By Katie Whyatt
Midway through the first half against Bristol Rovers, Bradford City defender Ryan McGowan had decided enough was quite enough. This probably wasn’t the dream he was sold when he moved halfway around the world, leaping from Australia to Scotland to China to the United Arab Emirates and finally landing in Yorkshire, the week before a club teetering on the brink of crisis jammed their nuclear button and plummeted head-first into a litany of mistakes that they are now scrabbling hastily to undo.
McGowan watched the ball looping and swooping from forehead to forehead to patch of unclaimed land, watching it trickle lamely to the feet of nobody and no one before somebody would reluctantly claim it, restarting the cycle. Head, head, head, floor, half-hearted rallies and exchanges of possession that never lasted long. If the ball had spent much longer in the air it would have been eligible to apply for citizenship there, living out the rest of its life levitating 16 feet above the Valley Parade turf while men in claret shirts moved beneath it like figures in a model village.
McGowan took matters into his own hands. He collected the ball without much effort. He swerved past one man. He danced past another. He sat on the halfway line, and his pass to Eoin Doyle, all of three yards ahead of him, arrowed out for a throw-in on the right flank. It was as fitting a symbol as any for City’s afternoon: rare flashes of accountability were undermined by a lack of communication and technical failings.
The first point of David Hopkin’s reign, obtained at the fourth time of asking, was largely a difficult watch. This wasn’t what the Sky pundits would term ‘a great advert for the Football League’. The first half in particular was particularly tepid, the kind of thing you could have watched absent-mindedly while clicking your knitting needles together, or doing your ironing, or swiping through Tinder, or whatever other tasks and pastimes you might devote yourself to on an evening. It was, rather, probably how the uninitiated always imagine League One to be. It literally needed Adebayo Akinfenwa trying to flog you a t-shirt and you could have called house on your League One bingo card. Even the fourth official, in keeping with the mediocrity of the day, held up the wrong numbers for Eoin Doyle’s substitution. At that point, you could quite reasonably wonder where it was going to end.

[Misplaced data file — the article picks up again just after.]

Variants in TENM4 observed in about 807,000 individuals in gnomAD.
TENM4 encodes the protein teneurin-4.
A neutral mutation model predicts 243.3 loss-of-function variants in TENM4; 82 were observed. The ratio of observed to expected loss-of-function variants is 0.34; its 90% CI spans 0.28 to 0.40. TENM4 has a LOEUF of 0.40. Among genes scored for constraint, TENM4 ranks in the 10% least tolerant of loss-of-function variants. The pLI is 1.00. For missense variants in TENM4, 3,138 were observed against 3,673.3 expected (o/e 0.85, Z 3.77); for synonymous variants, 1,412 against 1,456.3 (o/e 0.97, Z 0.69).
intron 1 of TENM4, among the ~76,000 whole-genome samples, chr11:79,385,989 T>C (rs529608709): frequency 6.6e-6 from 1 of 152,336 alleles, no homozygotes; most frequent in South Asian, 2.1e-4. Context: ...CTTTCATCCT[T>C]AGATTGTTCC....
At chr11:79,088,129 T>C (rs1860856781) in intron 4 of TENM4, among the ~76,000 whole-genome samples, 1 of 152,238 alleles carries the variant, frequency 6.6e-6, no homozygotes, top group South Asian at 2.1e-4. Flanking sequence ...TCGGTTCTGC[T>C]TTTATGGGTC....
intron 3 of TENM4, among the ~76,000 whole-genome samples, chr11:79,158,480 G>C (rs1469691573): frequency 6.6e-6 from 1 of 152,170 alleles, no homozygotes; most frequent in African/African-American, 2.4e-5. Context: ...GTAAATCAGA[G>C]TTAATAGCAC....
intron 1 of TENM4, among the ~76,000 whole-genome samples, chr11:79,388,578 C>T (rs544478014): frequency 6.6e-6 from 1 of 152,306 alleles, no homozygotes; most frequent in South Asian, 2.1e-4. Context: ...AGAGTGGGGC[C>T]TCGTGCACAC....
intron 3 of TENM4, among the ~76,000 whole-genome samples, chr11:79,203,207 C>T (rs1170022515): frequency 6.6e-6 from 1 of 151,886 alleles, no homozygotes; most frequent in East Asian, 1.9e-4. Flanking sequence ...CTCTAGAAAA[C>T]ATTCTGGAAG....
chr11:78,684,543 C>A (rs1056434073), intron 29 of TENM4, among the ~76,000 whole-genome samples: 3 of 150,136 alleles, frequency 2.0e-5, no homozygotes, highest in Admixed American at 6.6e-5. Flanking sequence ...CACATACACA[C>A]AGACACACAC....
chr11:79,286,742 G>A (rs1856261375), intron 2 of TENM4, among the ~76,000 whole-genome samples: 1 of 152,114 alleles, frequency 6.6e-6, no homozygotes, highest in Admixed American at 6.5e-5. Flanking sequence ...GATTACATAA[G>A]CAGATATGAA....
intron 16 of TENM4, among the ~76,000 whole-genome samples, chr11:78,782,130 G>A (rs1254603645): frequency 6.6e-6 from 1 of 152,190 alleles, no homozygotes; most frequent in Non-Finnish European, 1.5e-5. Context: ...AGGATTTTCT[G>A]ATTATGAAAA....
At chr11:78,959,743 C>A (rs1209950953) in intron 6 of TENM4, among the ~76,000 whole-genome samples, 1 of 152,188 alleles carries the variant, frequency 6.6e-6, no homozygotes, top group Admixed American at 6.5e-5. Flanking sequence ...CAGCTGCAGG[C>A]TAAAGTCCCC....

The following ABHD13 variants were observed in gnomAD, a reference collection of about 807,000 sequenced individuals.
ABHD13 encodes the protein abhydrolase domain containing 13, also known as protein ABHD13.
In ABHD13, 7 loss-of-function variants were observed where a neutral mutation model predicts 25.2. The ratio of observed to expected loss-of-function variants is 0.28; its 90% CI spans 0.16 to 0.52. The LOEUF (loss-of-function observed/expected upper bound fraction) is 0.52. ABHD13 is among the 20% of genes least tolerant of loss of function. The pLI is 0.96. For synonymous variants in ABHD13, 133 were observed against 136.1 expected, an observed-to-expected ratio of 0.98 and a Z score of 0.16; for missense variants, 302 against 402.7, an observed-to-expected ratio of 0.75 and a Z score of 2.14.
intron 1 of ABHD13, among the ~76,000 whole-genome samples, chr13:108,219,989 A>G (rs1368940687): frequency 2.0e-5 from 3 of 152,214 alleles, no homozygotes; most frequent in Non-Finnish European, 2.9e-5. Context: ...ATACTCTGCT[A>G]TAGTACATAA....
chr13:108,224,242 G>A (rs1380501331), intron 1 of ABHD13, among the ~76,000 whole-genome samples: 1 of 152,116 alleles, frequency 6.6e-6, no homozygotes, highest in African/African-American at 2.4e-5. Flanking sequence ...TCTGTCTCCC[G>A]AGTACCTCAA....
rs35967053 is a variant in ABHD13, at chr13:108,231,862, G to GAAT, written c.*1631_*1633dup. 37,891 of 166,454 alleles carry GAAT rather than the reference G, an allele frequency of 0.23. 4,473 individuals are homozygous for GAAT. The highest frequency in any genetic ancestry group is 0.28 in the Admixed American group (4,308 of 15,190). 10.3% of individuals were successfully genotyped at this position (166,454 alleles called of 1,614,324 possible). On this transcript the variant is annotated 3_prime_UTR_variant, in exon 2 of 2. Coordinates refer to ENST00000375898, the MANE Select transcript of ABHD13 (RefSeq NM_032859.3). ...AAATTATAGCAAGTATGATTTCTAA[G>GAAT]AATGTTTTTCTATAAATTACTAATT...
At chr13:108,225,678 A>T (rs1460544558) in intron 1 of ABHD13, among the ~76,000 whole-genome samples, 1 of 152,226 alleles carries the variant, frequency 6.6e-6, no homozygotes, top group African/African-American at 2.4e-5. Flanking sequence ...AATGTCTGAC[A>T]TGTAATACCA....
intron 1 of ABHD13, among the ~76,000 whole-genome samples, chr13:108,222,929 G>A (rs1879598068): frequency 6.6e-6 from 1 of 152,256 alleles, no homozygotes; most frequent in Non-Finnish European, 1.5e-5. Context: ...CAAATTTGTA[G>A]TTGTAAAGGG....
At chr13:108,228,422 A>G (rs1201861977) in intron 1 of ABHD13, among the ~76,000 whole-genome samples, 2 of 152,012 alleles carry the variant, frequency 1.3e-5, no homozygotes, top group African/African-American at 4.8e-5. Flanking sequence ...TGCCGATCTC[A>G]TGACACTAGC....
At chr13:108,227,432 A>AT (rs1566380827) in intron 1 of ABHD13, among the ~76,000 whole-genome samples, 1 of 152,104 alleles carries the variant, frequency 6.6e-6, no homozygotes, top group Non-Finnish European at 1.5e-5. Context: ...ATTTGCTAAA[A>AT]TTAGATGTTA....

There were, to be fair to City, a few positives. They hit the post twice – George Miller on the 25th minute and Sean Scannell on the 65th – Miller had a goal disallowed for offside and they should have had a penalty when Eoin Doyle’s shot was handled on the line by Tony Craig. In the second half, the effort was certainly there, and despite a smattering of death-defying moments as the game ticked to its conclusion they defended manfully, clung on and probably could – should - have nicked it. There were times in that second half when you wondered exactly what they’d have to do to get the ball across the line. The final 45 minutes, in fairness, was probably the best they have played for some time. The problem, though, is that the bar is so low.